Using GPS “switches off” part of the brain needed in navigation

A study in Nature Communications has identified parts of the brain used while navigating in a new environment.

It found that when using satellite navigation, those areas of the brain were “switched off”.

“We show that, specifically when new streets are entered during navigation, right posterior hippocampal activity indexes the change in the number of local topological connections available for future travel and right anterior hippocampal activity reflects global properties of the street entered,” said the researchers.

“When forced detours require replanning of the route to the goal, bilateral inferior lateral prefrontal activity scales with the planning demands of a breadth-first search of future paths.”

These results will help shape models of how hippocampal and prefrontal regions support navigation, planning, and future simulation.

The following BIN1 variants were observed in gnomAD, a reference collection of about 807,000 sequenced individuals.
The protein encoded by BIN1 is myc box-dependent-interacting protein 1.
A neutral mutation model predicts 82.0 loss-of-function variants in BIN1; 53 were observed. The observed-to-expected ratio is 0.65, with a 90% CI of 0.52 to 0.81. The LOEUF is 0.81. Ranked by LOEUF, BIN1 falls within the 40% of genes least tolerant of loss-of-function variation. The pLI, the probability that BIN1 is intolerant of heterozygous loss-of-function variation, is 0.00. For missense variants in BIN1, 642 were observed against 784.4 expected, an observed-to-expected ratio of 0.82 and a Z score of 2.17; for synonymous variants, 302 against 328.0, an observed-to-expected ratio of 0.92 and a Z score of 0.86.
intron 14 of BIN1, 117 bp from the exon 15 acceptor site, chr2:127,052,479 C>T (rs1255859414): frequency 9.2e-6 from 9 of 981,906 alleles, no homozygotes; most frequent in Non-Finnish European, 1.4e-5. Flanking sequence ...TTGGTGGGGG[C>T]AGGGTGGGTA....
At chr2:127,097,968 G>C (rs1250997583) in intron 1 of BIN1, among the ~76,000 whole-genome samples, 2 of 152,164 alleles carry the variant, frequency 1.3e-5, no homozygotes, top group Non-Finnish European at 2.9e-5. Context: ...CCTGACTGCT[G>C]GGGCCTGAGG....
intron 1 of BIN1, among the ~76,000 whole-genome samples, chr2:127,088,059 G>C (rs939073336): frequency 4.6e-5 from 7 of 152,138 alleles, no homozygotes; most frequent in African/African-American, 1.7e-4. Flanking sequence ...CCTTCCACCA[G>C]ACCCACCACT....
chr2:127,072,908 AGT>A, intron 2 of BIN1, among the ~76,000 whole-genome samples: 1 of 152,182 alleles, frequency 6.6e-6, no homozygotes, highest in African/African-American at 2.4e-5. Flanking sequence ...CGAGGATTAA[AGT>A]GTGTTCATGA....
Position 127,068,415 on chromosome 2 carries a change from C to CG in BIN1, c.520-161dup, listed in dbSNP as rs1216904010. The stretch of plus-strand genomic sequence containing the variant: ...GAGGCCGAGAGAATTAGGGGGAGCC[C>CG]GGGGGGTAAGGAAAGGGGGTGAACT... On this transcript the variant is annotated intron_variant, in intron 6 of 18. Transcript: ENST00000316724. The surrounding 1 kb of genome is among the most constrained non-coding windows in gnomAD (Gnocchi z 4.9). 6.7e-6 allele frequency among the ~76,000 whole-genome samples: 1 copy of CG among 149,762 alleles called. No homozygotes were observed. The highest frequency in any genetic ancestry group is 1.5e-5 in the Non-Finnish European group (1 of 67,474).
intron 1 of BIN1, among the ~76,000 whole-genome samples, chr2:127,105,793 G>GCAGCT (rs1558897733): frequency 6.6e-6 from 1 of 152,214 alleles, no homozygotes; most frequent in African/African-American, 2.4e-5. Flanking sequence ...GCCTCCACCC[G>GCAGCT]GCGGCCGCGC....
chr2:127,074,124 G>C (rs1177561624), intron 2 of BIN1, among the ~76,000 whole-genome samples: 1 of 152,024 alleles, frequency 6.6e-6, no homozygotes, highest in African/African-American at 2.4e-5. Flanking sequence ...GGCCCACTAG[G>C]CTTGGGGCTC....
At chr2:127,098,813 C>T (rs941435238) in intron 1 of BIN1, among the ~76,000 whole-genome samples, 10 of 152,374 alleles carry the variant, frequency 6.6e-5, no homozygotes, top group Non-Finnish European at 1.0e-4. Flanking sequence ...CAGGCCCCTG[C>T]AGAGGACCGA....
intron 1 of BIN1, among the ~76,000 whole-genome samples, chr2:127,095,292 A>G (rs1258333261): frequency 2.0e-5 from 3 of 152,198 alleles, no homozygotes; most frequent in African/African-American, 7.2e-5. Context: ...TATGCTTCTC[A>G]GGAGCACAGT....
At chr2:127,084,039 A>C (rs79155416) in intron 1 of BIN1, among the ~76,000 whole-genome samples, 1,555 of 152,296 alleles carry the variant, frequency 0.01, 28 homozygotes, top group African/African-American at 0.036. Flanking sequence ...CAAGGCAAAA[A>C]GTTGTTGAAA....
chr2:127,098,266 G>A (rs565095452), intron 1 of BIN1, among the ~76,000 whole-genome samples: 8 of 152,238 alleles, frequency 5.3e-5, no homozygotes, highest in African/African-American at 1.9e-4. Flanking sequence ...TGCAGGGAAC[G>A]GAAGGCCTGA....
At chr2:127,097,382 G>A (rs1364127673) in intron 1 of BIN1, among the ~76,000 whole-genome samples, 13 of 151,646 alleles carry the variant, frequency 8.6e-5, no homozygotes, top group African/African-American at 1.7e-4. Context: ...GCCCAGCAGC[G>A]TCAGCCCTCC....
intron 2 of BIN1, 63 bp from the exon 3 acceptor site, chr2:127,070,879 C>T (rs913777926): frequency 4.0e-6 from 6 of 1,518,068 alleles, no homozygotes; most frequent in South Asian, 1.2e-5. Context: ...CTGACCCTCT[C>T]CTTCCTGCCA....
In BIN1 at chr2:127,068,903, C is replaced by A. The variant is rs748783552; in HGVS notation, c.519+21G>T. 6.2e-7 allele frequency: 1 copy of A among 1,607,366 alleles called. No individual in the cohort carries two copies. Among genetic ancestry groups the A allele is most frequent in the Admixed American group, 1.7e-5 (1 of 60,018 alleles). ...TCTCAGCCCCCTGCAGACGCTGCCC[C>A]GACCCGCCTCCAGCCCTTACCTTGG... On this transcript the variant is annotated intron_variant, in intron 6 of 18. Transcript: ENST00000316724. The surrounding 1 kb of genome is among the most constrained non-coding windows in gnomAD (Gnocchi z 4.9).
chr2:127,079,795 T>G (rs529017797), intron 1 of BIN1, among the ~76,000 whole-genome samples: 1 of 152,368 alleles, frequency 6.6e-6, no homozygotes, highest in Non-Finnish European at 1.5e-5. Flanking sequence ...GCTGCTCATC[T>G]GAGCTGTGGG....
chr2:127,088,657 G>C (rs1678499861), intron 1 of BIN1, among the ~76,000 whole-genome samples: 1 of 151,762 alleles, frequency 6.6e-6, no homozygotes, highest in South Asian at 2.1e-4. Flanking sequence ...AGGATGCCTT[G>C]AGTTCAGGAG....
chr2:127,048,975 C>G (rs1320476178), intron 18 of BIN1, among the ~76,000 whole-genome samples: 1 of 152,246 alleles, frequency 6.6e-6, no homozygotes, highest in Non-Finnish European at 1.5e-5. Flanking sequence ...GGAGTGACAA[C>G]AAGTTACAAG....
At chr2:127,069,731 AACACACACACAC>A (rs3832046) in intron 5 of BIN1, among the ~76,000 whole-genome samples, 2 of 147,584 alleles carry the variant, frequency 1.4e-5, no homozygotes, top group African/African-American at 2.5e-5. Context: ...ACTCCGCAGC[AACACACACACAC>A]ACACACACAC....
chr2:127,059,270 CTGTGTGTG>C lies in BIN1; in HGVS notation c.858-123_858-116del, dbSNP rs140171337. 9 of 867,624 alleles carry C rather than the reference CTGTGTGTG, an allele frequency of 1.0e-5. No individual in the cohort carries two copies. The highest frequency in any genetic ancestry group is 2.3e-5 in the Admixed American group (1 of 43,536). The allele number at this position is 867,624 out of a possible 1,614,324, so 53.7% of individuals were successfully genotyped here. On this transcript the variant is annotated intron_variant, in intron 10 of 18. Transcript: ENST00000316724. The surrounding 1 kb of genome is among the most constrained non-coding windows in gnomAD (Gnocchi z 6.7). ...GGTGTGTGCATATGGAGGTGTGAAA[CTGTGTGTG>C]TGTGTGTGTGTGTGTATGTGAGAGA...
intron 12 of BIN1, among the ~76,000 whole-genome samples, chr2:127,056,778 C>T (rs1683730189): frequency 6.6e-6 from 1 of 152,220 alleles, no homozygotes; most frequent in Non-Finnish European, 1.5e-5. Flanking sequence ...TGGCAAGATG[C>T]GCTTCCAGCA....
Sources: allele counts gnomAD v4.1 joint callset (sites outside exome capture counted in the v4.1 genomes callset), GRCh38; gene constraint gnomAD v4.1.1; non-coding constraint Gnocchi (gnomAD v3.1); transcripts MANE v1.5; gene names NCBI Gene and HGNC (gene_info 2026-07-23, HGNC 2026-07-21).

The hippocampus appears to produce two maps of the environment. One tracks the straight-line distance to the destination and is encoded by the frontal region of the hippocampus, the other model is in the rear of the hippocampus and tracks the “true path” to the goal.

While navigating, the hippocampus flips between these two maps depending on the information you need.

When participants followed the instructions of a navigation system, however, brain activity in the regions of the brain that previously lit up while navigating switched off.

Now read: Drivers who have cars with a built-in GPS still use their phone for directions

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Using GPS “switches off” part of the brain needed in navigation